Flow · Power BI · Power Query

Calling Microsoft Flow From Power Query And Power BI

Since last week’s blog post caused quite a lot of interest, here’s something similar: did you know you can trigger a Flow in Microsoft Flow and get a response from it back using Power Query/Power BI?

To start off, I suggest you read this post by Irina Gorbach which shows how a Flow can be triggered by a call to a REST API. Now consider the following Flow which is similar to the one in that post:


It has a Request trigger:

…a Translate text step as the second step, that takes the text passed in to the Request trigger through the request body and passes it to the Microsoft Translator API where it is translated from English to French:

…and then, finally, returns the translated text back using a Response step:


It’s very easy to call this Flow from Power Query or Power BI. First, create two parameters in the Query Editor: one called TextToTranslate that contains the text you want to translate from English to French (in this case, “What time is it?”)

…and another called FlowURL which is the URL copied from the Request trigger of the Flow

Then all you need to do is to call the Flow using a query that makes a POST request to the Request trigger:

[sourcecode language='text'  padlinenumbers='true']
    Source = Web.Contents(FlowURL,
    GetText = Text.FromBinary(Source)

And voilà, your query will pass the text in the TextToTranslate parameter to the Flow and return the translated text:

So basically, in this case I’ve used Flow to create a web service without writing a single line of code. I can see a lot of potential uses for this and I suspect I’ll be blogging about Flow a lot in the future. A word of warning though: do not try to use this as a way of updating a data source. As I mentioned last time, when you run your query you’ll find Power Query/Power BI calls the web service twice. For example, I created a Flow similar to the one above that used the Insert Row step to take text sent to a Request trigger and add it to a table in an Excel workbook, and of course every time I refreshed my query I got two identical rows in my Excel table.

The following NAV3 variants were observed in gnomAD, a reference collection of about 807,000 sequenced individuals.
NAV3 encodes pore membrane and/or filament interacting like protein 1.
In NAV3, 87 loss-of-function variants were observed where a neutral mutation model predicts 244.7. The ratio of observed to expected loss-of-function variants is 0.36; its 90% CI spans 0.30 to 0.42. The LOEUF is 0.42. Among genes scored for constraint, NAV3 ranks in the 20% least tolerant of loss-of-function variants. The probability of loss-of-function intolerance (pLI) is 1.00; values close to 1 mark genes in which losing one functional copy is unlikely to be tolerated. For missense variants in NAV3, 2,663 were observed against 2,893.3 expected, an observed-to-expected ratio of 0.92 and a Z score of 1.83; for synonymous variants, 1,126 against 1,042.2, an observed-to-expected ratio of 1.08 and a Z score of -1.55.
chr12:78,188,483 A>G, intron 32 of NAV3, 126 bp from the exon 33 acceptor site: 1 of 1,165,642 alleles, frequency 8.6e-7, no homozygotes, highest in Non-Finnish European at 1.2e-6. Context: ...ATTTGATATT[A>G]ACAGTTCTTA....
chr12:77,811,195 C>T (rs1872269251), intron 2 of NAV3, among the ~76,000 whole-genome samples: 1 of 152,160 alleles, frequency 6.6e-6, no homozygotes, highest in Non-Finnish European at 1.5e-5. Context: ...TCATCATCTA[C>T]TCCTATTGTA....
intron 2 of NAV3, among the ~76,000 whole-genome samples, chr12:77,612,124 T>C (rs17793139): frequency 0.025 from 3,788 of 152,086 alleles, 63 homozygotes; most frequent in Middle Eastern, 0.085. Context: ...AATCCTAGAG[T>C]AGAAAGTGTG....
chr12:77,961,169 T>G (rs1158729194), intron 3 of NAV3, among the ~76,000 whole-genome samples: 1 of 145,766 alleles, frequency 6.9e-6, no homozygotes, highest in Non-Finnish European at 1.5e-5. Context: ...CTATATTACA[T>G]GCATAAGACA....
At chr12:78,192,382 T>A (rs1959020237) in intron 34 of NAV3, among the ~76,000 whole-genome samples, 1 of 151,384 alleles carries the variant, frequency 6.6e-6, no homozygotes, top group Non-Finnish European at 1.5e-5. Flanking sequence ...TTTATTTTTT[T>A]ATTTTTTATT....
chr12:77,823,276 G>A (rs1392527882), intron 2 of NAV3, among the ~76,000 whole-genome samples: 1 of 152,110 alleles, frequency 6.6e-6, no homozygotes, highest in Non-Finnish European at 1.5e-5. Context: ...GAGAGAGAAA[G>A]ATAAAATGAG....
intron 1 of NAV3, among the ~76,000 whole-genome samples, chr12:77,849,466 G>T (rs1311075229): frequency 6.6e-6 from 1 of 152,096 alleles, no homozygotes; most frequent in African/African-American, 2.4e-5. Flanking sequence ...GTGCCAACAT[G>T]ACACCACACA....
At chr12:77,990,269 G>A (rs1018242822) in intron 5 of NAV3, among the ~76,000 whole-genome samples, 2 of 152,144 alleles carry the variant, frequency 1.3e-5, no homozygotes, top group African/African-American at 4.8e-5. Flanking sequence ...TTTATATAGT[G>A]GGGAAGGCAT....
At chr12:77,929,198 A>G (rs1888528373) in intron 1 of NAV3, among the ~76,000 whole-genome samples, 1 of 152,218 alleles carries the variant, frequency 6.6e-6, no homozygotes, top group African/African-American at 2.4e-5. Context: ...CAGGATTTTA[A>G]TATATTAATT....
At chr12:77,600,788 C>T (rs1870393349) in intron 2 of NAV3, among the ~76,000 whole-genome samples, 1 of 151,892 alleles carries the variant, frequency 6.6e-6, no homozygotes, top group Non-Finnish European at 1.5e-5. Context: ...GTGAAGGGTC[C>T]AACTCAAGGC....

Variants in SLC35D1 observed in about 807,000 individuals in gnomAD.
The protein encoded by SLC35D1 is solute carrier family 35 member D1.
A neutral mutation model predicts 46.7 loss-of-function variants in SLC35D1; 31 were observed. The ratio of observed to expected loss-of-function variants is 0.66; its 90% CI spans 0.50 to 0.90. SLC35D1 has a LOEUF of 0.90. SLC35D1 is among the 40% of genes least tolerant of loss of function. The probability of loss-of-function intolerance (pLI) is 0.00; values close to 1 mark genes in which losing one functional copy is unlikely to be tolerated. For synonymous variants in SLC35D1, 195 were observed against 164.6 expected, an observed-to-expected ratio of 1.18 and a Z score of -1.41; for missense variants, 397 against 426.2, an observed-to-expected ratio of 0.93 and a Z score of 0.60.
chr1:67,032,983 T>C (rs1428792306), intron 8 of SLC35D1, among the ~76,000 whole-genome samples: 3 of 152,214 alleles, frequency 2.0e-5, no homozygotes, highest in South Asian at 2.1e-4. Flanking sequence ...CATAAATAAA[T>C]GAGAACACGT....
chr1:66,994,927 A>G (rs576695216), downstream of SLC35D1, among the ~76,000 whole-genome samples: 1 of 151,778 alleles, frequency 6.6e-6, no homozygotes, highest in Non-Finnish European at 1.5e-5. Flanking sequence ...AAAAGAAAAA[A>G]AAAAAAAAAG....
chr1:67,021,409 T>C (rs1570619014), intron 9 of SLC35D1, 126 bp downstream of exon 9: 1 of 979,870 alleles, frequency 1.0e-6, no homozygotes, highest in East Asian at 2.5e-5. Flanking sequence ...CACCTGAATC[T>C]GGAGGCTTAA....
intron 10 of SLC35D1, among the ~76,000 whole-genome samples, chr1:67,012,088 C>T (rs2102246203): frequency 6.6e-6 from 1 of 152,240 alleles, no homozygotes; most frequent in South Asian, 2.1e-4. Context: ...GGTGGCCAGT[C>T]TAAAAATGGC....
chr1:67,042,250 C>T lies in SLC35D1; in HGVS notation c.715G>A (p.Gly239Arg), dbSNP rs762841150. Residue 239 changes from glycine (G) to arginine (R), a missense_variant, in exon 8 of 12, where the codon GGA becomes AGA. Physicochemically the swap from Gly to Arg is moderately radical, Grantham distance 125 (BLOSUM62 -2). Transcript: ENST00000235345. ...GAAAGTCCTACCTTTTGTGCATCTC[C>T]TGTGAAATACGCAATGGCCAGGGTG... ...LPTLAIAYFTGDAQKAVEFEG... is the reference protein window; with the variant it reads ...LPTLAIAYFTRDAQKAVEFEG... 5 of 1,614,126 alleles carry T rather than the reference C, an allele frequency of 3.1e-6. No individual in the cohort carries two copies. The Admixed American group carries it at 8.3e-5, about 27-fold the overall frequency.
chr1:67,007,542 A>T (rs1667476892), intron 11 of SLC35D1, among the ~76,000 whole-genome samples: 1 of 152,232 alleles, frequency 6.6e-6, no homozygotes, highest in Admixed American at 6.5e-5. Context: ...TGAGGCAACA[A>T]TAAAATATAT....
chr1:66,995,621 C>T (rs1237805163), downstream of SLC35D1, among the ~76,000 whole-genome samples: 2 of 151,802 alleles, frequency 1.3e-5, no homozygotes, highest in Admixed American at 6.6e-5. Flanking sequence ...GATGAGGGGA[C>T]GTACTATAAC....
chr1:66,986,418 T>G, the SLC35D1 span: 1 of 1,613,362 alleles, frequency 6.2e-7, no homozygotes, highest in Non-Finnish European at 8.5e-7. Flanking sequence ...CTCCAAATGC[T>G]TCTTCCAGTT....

8 thoughts on “Calling Microsoft Flow From Power Query And Power BI

  1. Hi,
    I’m looking for related samples,
    which a table in Excel use flow, which pass some rows, do something in flow, return some rows.

    My scenario:
    1. Send some nitifications from data in table rows of Excel by Microsoft Flow.
    2. Query a Azure SQL Database from data in table rows of Excel by Microsoft Flow.

    Yoshihiro Kawabata

    1. Chris Webb – My name is Chris Webb, and I work on the Fabric CAT team at Microsoft. I blog about Power BI, Power Query, SQL Server Analysis Services, Azure Analysis Services and Excel.
      Chris Webb says:

      That sounds possible with Power Query and Flow, but why would you *need* to use Flow in your scenario? Why not just do everything in Power Query?

  2. Hi Chris, i’m looking for a solution for stripping out html tags from a ProjectWebApp multi-line custom field … i was wandering if you know if powerbi have a stripper in the pipeline that can be used natively within powerquery … or one should look at utilizing flow to push a string over to a sql function to achieve this?

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